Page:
In order to investigate the genetic events associated with the initiation and progression of prostate cancer, scientists from the Urologic Oncology Branch (UOB) and the Laboratory of Pathology (LOP) at the NCI have made use of a number of innovative methodologies centered around the procurement of highly purified prostatic cancer cells from heterogeneous tissue. Novel microdissection techniques which allow such procurement were developed in the LOP; the most recent such technique involving laser capture of cells greatly increased the speed and purity of dissection.Chromosomal deletions are often found in the vicinity of genes that protect cells from becoming cancerous. Using DNA prepared from 99 microdissected tumors, scientists in the UOB analyzed 45 genetic markers spanning a number of chromosomal regions that had been previously implicated in prostate carcinogenesis. The highest rate of deletion was observed on human chromosome 8, where the overall rate of loss was 86%. Approximately 80% of the cancers shared a common region of deletion within chromosome 8 (8p21). This region also overlaps a region recently identified as a locus for familial breast cancer.Human prostate cancer is thought to progress through a pre-malignant phase called prostatic intraepithelial neoplasia (PIN) prior to evolving into invasive cancer. In the region of chromosome 8 commonly deleted in cancer, deletions were also found in 63% of PIN lesions. This result suggests that abnormalities on 8p21 may be associated with early stages of prostate cancer development.A physical map of the region is currently being constructed in the UOB, and the UOB and LOP teams have begun analyzing candidate genes which reside in this area.Scientists in the LOP found that microdissected prostate samples also yielded good quality RNA, which has allowed them and the UOB team to analyze differences in gene expression in normal vs. tumor tissue. In addition to looking directly for expression of various genes in specific cell populations, libraries containing expressed genetic sequences were constructed as part of the multidisciplinary Cancer Genome Anatomy Project (CGAP). Twenty prostate libraries were constructed covering a spectrum of biology from normal to pre-malignant to localized and metastatic cancer. These libraries were sequenced at the Genome Sequencing Center at Washington University and found to exhibit high quality representation of both known and heretofore undiscovered genes. Data from large scale library sequencing allows for identification and comparison of genes expressed at distinct stages of tumor progression. The information generated is being used to guide the selection of candidate genes which map to 8p21.Finally, in order to expand upon the available resources for examination of prostate cancer in living cells, cell lines were established by scientists from the UOB and the Surgery Branch. The lines were generated from tissue from nine patients who underwent radical prostatectomy and four patients with advanced prostate cancer who underwent biopsy at the NCI. These lines will allow for future in vitro growth studies.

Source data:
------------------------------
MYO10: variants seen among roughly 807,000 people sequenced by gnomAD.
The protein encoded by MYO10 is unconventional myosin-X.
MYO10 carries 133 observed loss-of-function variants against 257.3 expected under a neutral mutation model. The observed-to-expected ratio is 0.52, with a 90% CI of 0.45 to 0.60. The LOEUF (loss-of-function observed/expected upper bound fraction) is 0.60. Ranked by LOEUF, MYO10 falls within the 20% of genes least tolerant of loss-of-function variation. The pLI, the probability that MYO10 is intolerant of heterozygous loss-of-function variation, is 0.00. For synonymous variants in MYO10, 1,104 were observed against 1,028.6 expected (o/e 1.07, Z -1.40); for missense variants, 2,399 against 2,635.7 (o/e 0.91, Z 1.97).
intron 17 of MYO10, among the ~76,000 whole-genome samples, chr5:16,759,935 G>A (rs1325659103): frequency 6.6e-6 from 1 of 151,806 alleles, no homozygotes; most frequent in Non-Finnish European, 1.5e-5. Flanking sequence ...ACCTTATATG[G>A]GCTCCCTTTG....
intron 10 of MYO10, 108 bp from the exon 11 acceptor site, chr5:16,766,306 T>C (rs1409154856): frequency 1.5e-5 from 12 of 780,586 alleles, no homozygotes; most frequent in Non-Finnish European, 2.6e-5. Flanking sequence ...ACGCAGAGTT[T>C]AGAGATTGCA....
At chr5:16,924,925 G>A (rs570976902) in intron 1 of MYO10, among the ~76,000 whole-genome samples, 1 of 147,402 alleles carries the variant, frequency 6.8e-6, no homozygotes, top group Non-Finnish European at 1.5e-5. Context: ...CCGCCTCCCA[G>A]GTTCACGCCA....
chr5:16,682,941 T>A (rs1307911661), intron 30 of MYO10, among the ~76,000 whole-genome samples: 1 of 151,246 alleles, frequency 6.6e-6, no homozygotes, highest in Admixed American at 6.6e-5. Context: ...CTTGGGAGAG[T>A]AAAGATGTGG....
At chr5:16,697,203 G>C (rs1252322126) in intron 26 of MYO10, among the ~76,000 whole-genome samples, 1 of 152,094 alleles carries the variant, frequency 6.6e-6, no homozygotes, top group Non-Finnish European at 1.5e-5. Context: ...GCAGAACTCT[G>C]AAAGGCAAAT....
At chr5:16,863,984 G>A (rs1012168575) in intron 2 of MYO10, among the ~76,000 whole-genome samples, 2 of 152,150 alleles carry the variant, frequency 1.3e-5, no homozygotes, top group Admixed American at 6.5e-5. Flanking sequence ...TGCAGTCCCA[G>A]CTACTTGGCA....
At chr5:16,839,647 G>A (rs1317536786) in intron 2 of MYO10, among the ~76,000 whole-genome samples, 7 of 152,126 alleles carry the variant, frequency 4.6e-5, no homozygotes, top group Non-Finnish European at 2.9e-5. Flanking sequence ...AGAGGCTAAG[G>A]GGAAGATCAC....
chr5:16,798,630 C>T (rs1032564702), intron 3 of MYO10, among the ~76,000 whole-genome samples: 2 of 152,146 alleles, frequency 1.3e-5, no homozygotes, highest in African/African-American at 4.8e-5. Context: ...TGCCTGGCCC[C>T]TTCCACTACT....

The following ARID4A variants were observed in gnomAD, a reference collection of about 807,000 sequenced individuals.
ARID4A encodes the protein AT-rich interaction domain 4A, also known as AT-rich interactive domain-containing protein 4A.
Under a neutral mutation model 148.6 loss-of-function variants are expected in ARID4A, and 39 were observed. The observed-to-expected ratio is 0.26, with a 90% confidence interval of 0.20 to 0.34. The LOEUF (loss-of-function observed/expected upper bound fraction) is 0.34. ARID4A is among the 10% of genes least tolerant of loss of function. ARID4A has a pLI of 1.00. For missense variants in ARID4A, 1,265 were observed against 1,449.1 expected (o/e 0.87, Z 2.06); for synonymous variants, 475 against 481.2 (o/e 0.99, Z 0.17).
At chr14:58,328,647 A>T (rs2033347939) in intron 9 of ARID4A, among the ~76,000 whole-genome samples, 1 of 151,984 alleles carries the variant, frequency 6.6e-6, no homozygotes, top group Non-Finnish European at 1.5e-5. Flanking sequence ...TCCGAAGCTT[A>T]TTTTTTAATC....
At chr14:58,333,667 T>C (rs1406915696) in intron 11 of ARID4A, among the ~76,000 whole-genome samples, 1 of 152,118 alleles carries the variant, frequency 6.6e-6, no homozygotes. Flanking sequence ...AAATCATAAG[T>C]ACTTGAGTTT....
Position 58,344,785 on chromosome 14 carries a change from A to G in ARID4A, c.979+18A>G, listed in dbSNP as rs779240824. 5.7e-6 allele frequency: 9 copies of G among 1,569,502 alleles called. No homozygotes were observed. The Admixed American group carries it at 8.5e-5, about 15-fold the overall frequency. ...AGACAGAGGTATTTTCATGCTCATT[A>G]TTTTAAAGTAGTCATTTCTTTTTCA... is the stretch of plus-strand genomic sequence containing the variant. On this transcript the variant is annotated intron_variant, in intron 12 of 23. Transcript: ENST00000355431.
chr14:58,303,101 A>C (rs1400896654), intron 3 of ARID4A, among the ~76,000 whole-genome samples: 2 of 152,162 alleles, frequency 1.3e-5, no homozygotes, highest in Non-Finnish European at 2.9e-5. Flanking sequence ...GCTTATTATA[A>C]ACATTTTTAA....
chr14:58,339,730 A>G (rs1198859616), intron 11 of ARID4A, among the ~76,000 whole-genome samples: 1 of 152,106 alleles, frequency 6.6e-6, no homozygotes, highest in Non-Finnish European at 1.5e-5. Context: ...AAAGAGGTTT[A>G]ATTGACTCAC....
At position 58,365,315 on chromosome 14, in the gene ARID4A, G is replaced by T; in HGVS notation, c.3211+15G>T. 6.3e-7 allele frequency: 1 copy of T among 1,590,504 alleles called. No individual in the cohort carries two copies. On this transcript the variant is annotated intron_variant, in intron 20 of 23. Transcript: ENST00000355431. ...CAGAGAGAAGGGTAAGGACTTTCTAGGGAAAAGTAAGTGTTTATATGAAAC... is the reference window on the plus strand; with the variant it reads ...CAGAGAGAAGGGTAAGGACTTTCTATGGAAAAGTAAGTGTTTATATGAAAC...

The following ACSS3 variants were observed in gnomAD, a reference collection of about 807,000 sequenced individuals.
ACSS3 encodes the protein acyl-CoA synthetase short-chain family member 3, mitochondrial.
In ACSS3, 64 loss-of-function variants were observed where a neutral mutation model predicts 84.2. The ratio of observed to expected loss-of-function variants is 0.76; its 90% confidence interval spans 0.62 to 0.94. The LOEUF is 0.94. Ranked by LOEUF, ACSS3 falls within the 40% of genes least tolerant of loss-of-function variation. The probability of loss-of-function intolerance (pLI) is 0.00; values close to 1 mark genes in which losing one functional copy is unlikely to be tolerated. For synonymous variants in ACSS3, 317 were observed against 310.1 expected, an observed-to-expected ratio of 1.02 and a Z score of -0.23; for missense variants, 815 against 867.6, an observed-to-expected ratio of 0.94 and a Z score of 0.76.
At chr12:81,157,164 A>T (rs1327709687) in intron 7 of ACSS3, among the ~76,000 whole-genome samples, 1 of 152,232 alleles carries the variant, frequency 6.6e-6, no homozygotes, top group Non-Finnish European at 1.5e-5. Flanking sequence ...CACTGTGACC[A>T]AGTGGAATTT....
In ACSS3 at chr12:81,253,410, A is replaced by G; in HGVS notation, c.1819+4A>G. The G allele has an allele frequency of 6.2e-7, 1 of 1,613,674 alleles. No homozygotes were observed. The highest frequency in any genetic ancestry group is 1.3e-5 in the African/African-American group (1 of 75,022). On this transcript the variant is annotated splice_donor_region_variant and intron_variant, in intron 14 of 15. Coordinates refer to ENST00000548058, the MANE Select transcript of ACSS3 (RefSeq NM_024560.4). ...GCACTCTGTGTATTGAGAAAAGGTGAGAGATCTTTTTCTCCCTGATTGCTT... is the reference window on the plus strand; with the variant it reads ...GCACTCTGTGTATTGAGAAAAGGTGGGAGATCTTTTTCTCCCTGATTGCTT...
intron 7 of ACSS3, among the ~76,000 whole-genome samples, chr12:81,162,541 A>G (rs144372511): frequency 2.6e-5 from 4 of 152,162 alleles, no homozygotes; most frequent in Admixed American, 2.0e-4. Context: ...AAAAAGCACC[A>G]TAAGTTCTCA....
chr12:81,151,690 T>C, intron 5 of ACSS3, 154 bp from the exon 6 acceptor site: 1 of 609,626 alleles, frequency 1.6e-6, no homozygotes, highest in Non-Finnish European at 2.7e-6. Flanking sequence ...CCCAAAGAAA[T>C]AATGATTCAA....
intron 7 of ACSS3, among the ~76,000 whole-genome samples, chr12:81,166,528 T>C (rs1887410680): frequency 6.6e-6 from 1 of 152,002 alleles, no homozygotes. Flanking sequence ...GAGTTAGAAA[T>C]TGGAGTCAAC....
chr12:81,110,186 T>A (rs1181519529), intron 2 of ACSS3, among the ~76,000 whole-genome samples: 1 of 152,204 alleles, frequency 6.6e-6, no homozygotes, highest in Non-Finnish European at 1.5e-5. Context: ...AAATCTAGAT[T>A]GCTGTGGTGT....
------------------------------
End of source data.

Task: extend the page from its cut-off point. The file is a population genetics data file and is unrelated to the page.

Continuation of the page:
|Dahut, William L; Gulley, James L; Arlen, Philip M et al. (2004) Randomized phase II trial of docetaxel plus thalidomide in androgen-independent prostate cancer. J Clin Oncol 22:2532-9|
|Woodson, Karen; Gillespie, John; Hanson, Jeffrey et al. (2004) Heterogeneous gene methylation patterns among pre-invasive and cancerous lesions of the prostate: a histopathologic study of whole mount prostate specimens. Prostate 60:25-31|
|Ahram, Mamoun; Flaig, Michael J; Gillespie, John W et al. (2003) Evaluation of ethanol-fixed, paraffin-embedded tissues for proteomic applications. Proteomics 3:413-21|
|Best, Carolyn J M; Leiva, Isabel M; Chuaqui, Rodrigo F et al. (2003) Molecular differentiation of high- and moderate-grade human prostate cancer by cDNA microarray analysis. Diagn Mol Pathol 12:63-70|
|Grubb, Robert L; Calvert, Valerie S; Wulkuhle, Julia D et al. (2003) Signal pathway profiling of prostate cancer using reverse phase protein arrays. Proteomics 3:2142-6|